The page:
GPS tracking avoids future Flint incidents
Archived content: This media release was accurate on the date of publication.
IntroductionHeroic rescues of frightened dogs from the sub-Antarctic islands will become an even rarer event with the introduction of tracking collars under a new Conservation Dogs Programme (CDP) policy
Date: 21 February 2020
Flint the rodent detection dog famously needed a long-distance helicopter rescue after he took flight following a charge by an aggressive sealion in November last year.
In spite of extensive efforts, including using helicopters with thermal-imaging cameras, Flint couldn’t be found and had to be left on the island until a search and rescue mission could be launched.
While it all ended happily, the CDP has now made it mandatory for all dogs working on the sub-Antarctic Islands, Raoul in the Kermadec group or either Rangatira or Mangere in the Chatham Islands to wear GPS tracking collars.
CDP Manager Helen Neale said the Flint incident hadn’t sparked the decision but it had certainly reinforced that it is the right one to make.
Mrs Neale said consideration of using tracking collars was underway well before Flint went missing.
“But it’s not a straight-forward issue – there are practical drawbacks to putting collars on our dogs while they are working.”
As an example, the chances of getting tangled in the dense undergrowth typical of Campbell Island where Flint went missing is greatly increased.
“So physically, it adds another layer of difficulty to the dog’s work and potentially that will deter them from being as thorough with their inspections as we would like.”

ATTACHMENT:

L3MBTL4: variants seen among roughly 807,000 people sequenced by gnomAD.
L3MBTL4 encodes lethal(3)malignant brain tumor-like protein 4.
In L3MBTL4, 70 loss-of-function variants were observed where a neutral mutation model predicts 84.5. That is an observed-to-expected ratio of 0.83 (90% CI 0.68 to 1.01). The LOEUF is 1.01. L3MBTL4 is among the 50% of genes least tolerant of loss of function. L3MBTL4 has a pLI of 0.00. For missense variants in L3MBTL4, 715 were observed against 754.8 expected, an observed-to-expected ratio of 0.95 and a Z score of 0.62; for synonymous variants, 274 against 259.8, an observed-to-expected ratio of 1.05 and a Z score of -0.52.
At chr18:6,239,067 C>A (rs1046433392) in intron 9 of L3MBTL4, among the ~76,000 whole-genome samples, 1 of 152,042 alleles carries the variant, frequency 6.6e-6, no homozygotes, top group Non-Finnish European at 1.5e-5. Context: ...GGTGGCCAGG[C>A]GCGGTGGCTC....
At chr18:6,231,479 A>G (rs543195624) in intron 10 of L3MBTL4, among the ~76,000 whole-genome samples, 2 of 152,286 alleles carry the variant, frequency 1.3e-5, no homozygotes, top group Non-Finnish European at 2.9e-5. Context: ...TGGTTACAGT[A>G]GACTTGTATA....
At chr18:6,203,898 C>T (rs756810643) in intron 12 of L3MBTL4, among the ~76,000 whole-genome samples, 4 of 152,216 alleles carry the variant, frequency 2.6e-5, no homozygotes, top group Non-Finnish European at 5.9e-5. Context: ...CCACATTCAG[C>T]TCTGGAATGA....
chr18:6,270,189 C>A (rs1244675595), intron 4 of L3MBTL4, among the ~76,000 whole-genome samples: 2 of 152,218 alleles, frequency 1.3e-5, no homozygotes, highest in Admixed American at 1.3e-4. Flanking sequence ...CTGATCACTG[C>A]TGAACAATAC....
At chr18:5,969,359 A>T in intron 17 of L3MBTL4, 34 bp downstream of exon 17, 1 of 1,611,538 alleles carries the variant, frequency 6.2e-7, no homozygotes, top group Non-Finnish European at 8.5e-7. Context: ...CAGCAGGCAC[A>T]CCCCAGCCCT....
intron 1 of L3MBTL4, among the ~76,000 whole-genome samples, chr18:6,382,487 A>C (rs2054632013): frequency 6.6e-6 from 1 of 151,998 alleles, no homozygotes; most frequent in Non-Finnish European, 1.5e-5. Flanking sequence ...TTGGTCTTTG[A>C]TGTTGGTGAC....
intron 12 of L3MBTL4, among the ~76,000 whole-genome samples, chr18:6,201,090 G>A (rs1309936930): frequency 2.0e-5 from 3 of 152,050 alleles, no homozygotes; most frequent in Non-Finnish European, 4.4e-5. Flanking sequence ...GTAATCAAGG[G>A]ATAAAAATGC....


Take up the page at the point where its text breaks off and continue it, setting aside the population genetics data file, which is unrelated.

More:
Given the average cost of a pest animal incursion on a pest free island is in the order of $30,000 – and the figure is kept low by most incursions being on easily accessed islands – missing a pest on a remote island could come at considerable expense.
“We know for fact that the longer a pest goes undetected the more damage it does and the more potential it has for becoming an established population of predators; so weighing up the benefits and disadvantages of dogs wearing collars has taken some time and lots of debate.
“We need to do these inspections and we want to ensure we don’t lose highly valuable dogs from the conservation front line, so that tipped us to say let’s run with the collars despite the disadvantages.”
With improving technology, the tracking hardware should get smaller over time so the disadvantages will become even less.
So too will the admittedly rare occasions when dogs such as Flint need to be rescued, Mrs Neale said.
“We can never say never again, but hopefully if there is a next time it won’t be because we can’t find the dog.”
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